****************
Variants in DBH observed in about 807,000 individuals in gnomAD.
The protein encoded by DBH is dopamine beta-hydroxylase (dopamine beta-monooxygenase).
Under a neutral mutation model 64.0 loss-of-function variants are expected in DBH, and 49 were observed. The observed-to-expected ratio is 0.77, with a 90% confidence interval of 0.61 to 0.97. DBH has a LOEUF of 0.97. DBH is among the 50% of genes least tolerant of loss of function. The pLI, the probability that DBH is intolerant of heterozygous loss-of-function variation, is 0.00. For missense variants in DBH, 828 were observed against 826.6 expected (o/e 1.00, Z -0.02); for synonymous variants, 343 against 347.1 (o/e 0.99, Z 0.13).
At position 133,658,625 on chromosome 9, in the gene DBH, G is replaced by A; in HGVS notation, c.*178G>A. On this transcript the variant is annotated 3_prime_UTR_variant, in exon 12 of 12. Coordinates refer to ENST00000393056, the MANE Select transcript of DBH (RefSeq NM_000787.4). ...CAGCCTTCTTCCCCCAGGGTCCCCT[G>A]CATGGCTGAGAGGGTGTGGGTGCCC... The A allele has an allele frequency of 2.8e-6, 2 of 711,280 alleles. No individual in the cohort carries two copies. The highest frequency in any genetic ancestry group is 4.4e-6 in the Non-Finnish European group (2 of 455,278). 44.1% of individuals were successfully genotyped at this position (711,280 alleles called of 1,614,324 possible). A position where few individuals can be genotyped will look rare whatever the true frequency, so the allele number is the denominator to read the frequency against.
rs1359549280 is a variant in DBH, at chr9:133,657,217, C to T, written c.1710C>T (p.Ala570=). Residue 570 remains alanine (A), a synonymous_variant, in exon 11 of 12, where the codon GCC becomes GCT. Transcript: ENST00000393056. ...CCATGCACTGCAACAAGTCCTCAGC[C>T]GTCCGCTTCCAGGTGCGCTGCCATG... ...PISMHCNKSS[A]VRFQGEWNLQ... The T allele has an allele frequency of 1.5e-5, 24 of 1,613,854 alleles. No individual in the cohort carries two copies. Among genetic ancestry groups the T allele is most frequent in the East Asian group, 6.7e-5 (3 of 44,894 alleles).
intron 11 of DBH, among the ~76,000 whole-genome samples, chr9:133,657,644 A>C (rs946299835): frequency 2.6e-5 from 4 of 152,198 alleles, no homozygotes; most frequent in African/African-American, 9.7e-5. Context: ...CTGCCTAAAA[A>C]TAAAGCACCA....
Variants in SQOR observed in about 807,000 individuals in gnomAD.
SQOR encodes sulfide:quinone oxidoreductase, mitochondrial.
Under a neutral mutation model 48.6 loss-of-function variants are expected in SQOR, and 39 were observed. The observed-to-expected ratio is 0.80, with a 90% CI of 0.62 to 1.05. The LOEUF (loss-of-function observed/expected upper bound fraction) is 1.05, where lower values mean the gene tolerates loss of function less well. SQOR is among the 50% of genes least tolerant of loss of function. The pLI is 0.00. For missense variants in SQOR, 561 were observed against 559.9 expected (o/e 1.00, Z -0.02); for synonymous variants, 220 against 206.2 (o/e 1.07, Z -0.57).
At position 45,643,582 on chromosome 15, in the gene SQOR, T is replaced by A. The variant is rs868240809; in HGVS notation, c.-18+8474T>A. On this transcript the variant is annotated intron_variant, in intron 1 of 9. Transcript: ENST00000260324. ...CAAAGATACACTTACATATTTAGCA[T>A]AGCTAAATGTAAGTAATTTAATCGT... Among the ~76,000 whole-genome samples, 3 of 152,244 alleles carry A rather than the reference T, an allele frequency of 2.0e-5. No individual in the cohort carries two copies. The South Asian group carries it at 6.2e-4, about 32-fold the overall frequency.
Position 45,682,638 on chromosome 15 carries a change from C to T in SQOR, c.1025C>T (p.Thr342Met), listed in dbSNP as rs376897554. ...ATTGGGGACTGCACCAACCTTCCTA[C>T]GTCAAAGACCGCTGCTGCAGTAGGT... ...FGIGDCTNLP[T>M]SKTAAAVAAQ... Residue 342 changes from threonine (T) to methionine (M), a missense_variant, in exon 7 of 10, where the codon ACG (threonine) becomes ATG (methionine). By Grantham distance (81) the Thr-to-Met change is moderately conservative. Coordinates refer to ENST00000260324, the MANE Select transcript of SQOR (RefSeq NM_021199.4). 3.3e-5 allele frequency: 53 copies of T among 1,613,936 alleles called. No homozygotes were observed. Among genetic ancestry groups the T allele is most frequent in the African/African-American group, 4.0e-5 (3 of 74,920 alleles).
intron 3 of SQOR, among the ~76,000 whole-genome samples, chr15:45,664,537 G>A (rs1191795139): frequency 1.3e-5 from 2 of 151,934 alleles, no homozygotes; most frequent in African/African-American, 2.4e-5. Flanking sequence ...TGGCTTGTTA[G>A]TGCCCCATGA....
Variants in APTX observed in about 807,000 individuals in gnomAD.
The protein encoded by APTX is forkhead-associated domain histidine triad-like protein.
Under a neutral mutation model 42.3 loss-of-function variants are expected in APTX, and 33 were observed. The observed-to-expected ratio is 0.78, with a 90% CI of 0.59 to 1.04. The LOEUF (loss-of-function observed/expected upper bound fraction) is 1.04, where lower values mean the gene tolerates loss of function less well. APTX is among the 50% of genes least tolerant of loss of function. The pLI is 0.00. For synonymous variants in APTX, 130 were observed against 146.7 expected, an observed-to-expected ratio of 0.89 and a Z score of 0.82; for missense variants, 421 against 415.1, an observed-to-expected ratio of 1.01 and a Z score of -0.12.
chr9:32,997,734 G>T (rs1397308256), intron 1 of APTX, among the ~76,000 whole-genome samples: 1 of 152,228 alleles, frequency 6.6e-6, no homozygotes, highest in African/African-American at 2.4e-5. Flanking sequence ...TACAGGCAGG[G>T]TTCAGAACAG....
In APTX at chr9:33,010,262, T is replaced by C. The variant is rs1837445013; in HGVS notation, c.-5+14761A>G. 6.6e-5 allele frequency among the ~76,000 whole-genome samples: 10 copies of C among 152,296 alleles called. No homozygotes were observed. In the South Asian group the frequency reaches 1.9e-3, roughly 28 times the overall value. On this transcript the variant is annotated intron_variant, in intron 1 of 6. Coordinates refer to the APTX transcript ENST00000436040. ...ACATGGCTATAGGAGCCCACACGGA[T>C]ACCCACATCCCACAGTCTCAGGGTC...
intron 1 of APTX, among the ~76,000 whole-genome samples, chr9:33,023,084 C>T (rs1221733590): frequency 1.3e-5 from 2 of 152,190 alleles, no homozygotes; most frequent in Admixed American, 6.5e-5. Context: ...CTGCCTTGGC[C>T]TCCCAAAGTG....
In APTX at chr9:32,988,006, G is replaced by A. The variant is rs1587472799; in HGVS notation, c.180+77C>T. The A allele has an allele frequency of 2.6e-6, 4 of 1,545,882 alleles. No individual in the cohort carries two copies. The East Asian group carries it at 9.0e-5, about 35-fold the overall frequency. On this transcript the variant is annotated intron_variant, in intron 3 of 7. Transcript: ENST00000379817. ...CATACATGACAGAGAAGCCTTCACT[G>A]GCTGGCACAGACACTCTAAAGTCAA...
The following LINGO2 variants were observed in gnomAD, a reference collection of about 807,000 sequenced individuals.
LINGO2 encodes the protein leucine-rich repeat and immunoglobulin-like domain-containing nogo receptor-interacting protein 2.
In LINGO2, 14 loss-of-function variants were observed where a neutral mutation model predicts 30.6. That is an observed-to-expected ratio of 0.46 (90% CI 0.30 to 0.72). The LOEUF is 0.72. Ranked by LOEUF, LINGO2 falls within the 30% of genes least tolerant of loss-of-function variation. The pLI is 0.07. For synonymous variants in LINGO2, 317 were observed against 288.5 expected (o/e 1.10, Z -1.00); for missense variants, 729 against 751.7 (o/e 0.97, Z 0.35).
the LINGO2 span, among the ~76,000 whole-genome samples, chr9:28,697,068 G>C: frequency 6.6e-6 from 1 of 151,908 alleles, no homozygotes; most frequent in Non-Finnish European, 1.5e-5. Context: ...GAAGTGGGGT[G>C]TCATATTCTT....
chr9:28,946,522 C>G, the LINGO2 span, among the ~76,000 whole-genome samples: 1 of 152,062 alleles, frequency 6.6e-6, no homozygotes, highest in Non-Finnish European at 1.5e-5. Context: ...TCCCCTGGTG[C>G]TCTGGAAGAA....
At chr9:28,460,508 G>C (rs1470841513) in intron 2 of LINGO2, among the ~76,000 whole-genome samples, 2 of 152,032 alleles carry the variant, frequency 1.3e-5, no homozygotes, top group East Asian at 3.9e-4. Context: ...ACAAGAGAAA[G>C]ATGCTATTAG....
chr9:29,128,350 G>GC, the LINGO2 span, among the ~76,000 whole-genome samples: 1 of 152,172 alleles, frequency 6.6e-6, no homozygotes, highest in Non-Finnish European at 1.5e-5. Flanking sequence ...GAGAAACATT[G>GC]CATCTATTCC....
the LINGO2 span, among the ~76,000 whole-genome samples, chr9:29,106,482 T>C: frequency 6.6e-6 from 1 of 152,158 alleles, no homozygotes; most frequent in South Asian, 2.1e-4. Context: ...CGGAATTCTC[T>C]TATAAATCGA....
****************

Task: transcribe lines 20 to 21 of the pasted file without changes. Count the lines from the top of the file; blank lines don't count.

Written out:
The following LINGO2 variants were observed in gnomAD, a reference collection of about 807,000 sequenced individuals.
LINGO2 encodes the protein leucine-rich repeat and immunoglobulin-like domain-containing nogo receptor-interacting protein 2.